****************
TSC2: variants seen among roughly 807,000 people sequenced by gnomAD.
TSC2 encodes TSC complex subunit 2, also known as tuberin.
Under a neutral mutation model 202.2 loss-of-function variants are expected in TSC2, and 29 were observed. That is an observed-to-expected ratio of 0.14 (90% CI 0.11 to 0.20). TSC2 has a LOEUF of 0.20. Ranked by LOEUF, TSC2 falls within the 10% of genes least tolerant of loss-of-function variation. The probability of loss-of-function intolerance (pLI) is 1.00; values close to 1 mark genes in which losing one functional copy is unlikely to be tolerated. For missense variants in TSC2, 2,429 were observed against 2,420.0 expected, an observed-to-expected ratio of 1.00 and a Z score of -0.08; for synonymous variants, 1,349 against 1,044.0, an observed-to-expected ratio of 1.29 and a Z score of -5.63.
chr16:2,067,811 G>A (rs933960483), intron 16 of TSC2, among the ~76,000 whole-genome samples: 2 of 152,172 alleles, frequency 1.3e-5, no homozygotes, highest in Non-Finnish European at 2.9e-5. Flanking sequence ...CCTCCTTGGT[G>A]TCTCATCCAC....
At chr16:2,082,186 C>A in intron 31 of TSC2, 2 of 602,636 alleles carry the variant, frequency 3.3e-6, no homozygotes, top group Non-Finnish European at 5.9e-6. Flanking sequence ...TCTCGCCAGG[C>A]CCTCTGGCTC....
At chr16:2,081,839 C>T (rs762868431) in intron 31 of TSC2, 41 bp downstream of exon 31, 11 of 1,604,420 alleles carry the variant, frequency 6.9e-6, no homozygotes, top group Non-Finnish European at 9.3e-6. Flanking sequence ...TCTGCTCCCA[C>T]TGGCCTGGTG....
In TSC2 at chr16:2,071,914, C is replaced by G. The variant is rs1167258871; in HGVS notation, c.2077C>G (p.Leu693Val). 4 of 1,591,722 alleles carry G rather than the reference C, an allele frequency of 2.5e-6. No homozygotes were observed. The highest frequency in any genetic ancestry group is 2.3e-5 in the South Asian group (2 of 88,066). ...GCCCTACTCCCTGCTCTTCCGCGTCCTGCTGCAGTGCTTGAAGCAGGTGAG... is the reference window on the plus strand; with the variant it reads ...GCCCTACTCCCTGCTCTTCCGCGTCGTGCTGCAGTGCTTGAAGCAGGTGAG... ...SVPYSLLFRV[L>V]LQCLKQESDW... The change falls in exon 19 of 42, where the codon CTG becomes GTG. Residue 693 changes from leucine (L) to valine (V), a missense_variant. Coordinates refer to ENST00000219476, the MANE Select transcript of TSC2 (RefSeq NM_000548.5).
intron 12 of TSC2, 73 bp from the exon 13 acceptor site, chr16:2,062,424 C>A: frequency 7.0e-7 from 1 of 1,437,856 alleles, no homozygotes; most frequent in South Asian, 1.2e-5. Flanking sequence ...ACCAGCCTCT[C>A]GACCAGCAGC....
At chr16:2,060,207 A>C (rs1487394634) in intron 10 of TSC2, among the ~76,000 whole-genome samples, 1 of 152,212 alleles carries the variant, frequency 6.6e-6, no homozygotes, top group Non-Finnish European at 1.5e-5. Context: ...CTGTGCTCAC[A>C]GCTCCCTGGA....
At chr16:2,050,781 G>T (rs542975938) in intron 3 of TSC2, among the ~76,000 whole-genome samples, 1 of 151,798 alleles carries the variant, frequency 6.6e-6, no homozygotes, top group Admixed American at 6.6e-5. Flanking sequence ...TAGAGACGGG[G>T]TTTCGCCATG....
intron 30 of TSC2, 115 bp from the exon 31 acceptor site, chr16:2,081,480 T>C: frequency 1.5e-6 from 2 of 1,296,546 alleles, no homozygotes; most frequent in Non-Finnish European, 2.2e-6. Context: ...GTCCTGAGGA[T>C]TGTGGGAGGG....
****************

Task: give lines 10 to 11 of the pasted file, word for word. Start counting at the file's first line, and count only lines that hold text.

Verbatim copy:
At chr16:2,050,781 G>T (rs542975938) in intron 3 of TSC2, among the ~76,000 whole-genome samples, 1 of 151,798 alleles carries the variant, frequency 6.6e-6, no homozygotes, top group Admixed American at 6.6e-5. Flanking sequence ...TAGAGACGGG[G>T]TTTCGCCATG....
intron 30 of TSC2, 115 bp from the exon 31 acceptor site, chr16:2,081,480 T>C: frequency 1.5e-6 from 2 of 1,296,546 alleles, no homozygotes; most frequent in Non-Finnish European, 2.2e-6. Context: ...GTCCTGAGGA[T>C]TGTGGGAGGG....